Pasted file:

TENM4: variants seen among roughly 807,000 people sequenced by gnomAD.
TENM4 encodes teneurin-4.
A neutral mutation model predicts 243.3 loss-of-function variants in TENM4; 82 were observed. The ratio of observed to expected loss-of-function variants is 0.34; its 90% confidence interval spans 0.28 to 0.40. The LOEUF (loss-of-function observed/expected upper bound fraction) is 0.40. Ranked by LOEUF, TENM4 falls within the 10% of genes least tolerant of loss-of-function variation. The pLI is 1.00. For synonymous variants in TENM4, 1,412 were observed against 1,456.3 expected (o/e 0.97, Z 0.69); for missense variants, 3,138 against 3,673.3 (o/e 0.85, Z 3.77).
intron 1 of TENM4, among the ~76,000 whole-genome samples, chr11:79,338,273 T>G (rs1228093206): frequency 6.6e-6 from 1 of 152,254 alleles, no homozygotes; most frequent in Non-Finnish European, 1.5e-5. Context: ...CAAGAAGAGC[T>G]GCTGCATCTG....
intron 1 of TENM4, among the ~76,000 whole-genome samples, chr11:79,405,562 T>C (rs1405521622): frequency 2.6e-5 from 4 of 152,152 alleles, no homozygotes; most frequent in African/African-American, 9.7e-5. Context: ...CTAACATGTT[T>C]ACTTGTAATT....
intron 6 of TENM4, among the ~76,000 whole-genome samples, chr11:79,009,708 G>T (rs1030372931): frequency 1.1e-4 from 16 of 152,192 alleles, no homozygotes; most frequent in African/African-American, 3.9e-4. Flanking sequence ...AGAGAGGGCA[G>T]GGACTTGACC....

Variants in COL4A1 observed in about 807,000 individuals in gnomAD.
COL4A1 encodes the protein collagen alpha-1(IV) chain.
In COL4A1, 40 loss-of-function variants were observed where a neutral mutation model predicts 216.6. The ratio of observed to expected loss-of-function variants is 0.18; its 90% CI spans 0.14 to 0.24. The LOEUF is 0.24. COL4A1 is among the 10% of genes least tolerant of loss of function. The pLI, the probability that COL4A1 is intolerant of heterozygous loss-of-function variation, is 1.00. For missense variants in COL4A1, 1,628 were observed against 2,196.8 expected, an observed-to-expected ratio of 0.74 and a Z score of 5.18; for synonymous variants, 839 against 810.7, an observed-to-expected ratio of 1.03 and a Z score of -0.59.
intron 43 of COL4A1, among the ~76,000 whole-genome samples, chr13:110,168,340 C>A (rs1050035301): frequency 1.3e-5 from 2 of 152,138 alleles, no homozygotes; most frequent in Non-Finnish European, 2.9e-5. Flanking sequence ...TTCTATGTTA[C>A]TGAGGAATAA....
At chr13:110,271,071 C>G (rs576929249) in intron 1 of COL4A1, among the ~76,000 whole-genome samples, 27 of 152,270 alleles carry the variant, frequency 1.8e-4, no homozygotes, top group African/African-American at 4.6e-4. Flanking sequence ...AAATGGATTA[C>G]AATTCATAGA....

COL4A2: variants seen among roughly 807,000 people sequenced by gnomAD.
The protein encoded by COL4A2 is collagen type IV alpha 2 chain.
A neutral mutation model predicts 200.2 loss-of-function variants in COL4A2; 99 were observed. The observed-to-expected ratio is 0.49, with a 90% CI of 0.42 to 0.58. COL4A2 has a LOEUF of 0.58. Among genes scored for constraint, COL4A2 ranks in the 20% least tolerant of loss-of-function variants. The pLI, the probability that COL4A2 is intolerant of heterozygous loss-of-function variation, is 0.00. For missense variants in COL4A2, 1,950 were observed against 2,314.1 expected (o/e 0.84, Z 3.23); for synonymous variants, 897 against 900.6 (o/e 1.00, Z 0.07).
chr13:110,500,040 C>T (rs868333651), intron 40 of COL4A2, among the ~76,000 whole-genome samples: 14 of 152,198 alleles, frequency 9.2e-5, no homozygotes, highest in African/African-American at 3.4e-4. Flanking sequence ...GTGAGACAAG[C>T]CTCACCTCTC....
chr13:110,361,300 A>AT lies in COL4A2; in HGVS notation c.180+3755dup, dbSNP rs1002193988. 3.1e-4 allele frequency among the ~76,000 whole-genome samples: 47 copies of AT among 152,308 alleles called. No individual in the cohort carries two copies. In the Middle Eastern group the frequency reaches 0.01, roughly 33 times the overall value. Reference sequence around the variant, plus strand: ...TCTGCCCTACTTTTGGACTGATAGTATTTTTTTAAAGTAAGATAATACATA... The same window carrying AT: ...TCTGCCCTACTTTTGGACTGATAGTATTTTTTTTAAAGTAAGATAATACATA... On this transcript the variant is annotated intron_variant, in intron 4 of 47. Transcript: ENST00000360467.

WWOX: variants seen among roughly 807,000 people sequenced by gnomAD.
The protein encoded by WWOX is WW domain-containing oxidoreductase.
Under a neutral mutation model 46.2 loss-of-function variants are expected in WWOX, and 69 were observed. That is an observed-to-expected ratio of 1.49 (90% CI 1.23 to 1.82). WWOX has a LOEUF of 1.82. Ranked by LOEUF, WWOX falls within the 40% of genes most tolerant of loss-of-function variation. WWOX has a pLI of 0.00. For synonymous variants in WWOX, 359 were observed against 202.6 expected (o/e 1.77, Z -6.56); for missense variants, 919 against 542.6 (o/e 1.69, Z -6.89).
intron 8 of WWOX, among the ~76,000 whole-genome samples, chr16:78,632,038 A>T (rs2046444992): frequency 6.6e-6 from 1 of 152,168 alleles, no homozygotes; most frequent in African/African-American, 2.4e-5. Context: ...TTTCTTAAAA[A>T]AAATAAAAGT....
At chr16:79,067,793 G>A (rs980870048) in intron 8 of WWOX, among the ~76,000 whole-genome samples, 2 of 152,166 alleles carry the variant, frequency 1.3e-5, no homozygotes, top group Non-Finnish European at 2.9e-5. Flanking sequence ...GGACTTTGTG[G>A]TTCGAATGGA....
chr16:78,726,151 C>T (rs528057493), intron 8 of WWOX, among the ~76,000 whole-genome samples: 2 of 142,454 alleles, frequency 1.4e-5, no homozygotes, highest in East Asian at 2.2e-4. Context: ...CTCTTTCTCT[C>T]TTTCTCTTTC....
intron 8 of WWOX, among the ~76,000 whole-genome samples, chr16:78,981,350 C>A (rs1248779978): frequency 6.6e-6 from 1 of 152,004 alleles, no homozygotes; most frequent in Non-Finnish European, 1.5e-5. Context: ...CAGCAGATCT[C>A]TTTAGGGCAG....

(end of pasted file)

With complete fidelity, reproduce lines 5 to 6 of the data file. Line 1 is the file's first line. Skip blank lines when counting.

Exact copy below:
intron 1 of TENM4, among the ~76,000 whole-genome samples, chr11:79,405,562 T>C (rs1405521622): frequency 2.6e-5 from 4 of 152,152 alleles, no homozygotes; most frequent in African/African-American, 9.7e-5. Context: ...CTAACATGTT[T>C]ACTTGTAATT....
intron 6 of TENM4, among the ~76,000 whole-genome samples, chr11:79,009,708 G>T (rs1030372931): frequency 1.1e-4 from 16 of 152,192 alleles, no homozygotes; most frequent in African/African-American, 3.9e-4. Flanking sequence ...AGAGAGGGCA[G>T]GGACTTGACC....